Bede (John) Hazlet: Well, in my conscience, I really don’t think I have the answer. I think that’s part of what I’m trying to get at. I do think that our current way of articulating this set of issues is inadequate, both ecclesially and secularly. I’m waiting for something clearer, something more deeply insightful. And I have some ideas about what form that insight might take. But they don’t yet take the form of anything I would want to advocate for as my own deepest conviction about it.

Dan Fincke: You’re not convinced, though, that there could never be a sacrament for gay marriage?

Bede (John) Hazlet: Well, that’s actually a different issue. Even if I were to say that gay relationships can be good and blessable, which is something I think needs to be discussed and argued about, and I have very deep respect for people who are living those kinds of relationships as Catholics in a conscientious way, I don’t think marriage is the appropriate category for it. I think marriage as an essentially sort of heterosexual, potentially procreative institution, understood as a sacrament, is something that should probably remain intact. And that was even my conviction when I was in an Anglican context thinking much more progressively about these issues. I think the nature of desire between the sexes, and desire for a member of one’s own sex, is just very different. So I don’t think marriage is the right paradigm to be thinking in terms of.

Dan Fincke: But what about … because, you know, if you don’t think in terms of marriage, do you at least allow for the adoption of children, so that someone’s being inclined towards a homosexual love, a homosexual romantic connection, doesn’t preclude their also being allowed to be… to have the human experience and fulfillment of children?

Bede (John) Hazlet: That’s something I feel very divided about. On the one hand, I think there is something important to be said for the fact that children naturally emerge from the context of men and women together. On the other hand, I also think it’s true that just in the course of human history, children have been reared in highly unconventional, sort of, environments. That, having been brought to birth by a man and a woman, one sometimes ends up being brought up in a very different sort of situation. So I don’t know. There again, my ideas would still be very much in flux.

Dan Fincke: Okay, thank you.

Bede (John) Hazlet: I’m sorry. I’m sympathetic with both sides of the debate, I guess.

Dan Fincke: Sure. Well, thank you so much, John, for coming on here. Is there anything you’d like to say in closing?

Bede (John) Hazlet: No. Thank you for inviting me. And we’ll probably do something like this again.

Dan Fincke: Great, I’d love to have you back. It would be wonderful.

Bede (John) Hazlet: Thank you.

Dan Fincke: Okay, well, that’s it for The Camels With Hammers Show, October 14, 2012. This is our fourth episode, and I hope to see you next week, when I should have on The Heresy Club, a blog run by a bunch of … mostly British skeptics and atheists, including several who have made the news quite ambitiously. And they’re very excited, and I’m very excited that they’re gonna be here next week. They’re gonna pick the topic, and we’re just gonna have a free-for-all, a freefall… yeah, a freewheeling discussion that hopefully does not go into freefall, about various issues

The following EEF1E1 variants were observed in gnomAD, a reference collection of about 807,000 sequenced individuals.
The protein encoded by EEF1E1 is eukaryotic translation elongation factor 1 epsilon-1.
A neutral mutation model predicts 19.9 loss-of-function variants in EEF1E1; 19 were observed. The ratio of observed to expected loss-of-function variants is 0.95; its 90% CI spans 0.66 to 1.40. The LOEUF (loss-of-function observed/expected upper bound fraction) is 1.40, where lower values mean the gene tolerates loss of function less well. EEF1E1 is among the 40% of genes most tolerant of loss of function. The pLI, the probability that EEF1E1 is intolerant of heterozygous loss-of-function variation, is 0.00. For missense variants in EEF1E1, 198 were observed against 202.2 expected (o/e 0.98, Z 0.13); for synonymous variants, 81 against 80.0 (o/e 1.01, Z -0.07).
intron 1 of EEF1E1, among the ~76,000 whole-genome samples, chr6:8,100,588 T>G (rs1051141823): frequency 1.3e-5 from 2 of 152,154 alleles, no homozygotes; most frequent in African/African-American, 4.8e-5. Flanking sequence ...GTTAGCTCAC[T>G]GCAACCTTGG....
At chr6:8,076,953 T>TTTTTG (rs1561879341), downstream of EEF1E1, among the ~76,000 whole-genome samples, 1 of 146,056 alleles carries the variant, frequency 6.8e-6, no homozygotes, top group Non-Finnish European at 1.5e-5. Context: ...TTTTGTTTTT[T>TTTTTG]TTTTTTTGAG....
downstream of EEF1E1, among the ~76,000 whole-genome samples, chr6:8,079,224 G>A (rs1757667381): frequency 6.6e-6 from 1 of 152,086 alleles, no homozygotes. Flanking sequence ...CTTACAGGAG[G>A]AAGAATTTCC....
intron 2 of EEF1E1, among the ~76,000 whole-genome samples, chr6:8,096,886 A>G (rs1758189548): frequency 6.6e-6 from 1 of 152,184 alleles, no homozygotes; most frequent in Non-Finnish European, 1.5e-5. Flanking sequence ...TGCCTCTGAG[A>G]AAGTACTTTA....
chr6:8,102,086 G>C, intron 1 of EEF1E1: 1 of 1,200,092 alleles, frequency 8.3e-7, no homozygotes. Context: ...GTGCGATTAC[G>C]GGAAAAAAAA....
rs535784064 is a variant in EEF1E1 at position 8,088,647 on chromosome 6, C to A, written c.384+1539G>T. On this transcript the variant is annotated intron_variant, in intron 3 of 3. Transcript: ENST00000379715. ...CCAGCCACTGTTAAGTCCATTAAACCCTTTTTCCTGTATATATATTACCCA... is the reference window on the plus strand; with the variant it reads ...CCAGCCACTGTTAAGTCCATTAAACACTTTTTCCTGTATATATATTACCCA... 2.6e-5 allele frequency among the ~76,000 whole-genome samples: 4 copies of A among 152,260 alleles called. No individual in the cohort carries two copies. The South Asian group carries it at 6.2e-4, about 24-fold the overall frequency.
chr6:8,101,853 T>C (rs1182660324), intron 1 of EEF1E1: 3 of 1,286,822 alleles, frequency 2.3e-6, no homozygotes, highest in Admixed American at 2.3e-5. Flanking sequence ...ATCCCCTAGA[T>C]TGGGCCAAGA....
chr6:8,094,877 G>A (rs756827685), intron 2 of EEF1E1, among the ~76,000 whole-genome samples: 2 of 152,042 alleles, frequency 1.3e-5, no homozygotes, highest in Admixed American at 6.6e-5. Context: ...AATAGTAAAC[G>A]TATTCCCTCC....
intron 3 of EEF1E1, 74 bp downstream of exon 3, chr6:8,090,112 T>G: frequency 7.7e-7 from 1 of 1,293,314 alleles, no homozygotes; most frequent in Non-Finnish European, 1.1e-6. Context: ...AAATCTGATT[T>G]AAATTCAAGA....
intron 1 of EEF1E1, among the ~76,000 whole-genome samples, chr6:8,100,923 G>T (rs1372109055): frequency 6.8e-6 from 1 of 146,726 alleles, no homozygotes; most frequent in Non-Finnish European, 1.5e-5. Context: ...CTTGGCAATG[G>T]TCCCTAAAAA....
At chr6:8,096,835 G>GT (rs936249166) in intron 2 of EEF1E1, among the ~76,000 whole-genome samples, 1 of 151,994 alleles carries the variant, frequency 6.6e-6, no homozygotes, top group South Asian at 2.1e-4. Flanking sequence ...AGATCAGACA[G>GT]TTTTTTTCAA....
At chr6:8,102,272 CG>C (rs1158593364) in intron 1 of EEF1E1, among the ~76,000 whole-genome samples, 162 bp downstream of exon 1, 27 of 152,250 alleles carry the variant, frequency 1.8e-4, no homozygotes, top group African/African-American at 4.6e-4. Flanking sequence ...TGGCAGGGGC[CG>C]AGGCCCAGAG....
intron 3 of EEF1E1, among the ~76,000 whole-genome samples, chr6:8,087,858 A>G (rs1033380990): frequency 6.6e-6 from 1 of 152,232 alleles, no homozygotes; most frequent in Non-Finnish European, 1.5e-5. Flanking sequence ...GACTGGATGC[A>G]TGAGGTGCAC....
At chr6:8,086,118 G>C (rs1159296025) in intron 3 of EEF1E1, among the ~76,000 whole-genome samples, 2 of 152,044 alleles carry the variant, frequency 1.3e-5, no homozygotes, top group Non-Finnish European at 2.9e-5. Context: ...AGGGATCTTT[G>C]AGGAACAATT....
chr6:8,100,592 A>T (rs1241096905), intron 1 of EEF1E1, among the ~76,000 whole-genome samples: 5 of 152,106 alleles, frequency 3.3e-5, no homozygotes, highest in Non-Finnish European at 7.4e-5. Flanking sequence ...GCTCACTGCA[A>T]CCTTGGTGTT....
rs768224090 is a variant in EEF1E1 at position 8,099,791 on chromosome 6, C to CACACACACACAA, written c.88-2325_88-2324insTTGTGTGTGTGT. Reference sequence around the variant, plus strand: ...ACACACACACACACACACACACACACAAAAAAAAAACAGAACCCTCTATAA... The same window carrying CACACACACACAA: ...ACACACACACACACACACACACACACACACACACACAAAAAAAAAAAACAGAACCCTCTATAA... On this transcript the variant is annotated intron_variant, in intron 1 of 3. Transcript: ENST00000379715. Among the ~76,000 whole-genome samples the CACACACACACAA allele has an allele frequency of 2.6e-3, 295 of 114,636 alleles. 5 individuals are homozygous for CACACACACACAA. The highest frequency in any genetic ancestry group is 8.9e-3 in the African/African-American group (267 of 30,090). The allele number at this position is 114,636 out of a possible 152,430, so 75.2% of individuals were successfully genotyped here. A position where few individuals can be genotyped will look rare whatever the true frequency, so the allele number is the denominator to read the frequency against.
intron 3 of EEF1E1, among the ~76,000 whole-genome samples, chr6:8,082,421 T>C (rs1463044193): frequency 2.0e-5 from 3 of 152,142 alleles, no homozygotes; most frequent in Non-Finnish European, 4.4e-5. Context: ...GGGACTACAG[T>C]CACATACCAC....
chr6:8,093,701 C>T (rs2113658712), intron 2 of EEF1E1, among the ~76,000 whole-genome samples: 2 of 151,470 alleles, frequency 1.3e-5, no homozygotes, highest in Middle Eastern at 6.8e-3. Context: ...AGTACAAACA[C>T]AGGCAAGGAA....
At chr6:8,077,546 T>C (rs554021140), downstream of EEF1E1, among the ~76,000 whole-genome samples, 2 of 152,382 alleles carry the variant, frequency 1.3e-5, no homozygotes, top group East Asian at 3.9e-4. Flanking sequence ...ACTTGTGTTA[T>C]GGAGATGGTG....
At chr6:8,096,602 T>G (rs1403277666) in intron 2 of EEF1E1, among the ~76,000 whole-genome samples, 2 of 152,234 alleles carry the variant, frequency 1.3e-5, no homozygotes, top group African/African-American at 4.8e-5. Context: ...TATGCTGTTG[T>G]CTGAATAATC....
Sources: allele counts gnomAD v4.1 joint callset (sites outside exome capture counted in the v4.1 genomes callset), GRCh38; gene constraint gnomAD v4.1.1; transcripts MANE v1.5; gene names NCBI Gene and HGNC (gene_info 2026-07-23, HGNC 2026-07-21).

Bede (John) Hazlet: Freefalling is actually quite fun! [both laugh]

Dan Fincke: … that they’re interested about, so, thanks again, John, and good luck.

Bede (John) Hazlet: Thank you, bye!

Below, in chronological order, are the nine other posts of video segments and transcripts in this series:

How My Best Friend Helped End My Faith and then Became an Openly Gay Monk
Out of the Closet for the 1st Time, at Oxford
On Anglicanism and On Celibate Love
How Catholic Moral Teaching On Sexuality Is Evolving
Does A Good God Guide The Catholic Church? A Debate
Is The Catholic Church’s Treatment of Gays Morally Defensible? A Debate
Does Celibacy Infantilize and Create Child Molesting Priests?
A Gay Monk Argues Against Reparative Therapy
On Treating Mental Illness, Rather Than Romantically Theologizing It

The transcripts in this series were created this summer by Josiah “BibleName” Mannion. He donated his time to produce the more than 22,000 word transcript of the entire interview. 

About Daniel Fincke

Dr. Daniel Fincke  has his PhD in philosophy from Fordham University and spent 11 years teaching in college classrooms. He wrote his dissertation on Ethics and the philosophy of Friedrich Nietzsche. On Camels With Hammers, the careful philosophy blog he writes for a popular audience, Dan argues for atheism and develops a humanistic ethical theory he calls “Empowerment Ethics”. Dan also teaches affordable, non-matriculated, video-conferencing philosophy classes on ethics, Nietzsche, historical philosophy, and philosophy for atheists that anyone around the world can sign up for. (You can learn more about Dan’s online classes here.) Dan is an APPA  (American Philosophical Practitioners Association) certified philosophical counselor who offers philosophical advice services to help people work through the philosophical aspects of their practical problems or to work out their views on philosophical issues. (You can read examples of Dan’s advice here.) Through his blogging, his online teaching, and his philosophical advice services each, Dan specializes in helping people who have recently left a religious tradition work out their constructive answers to questions of ethics, metaphysics, the meaning of life, etc. as part of their process of radical worldview change.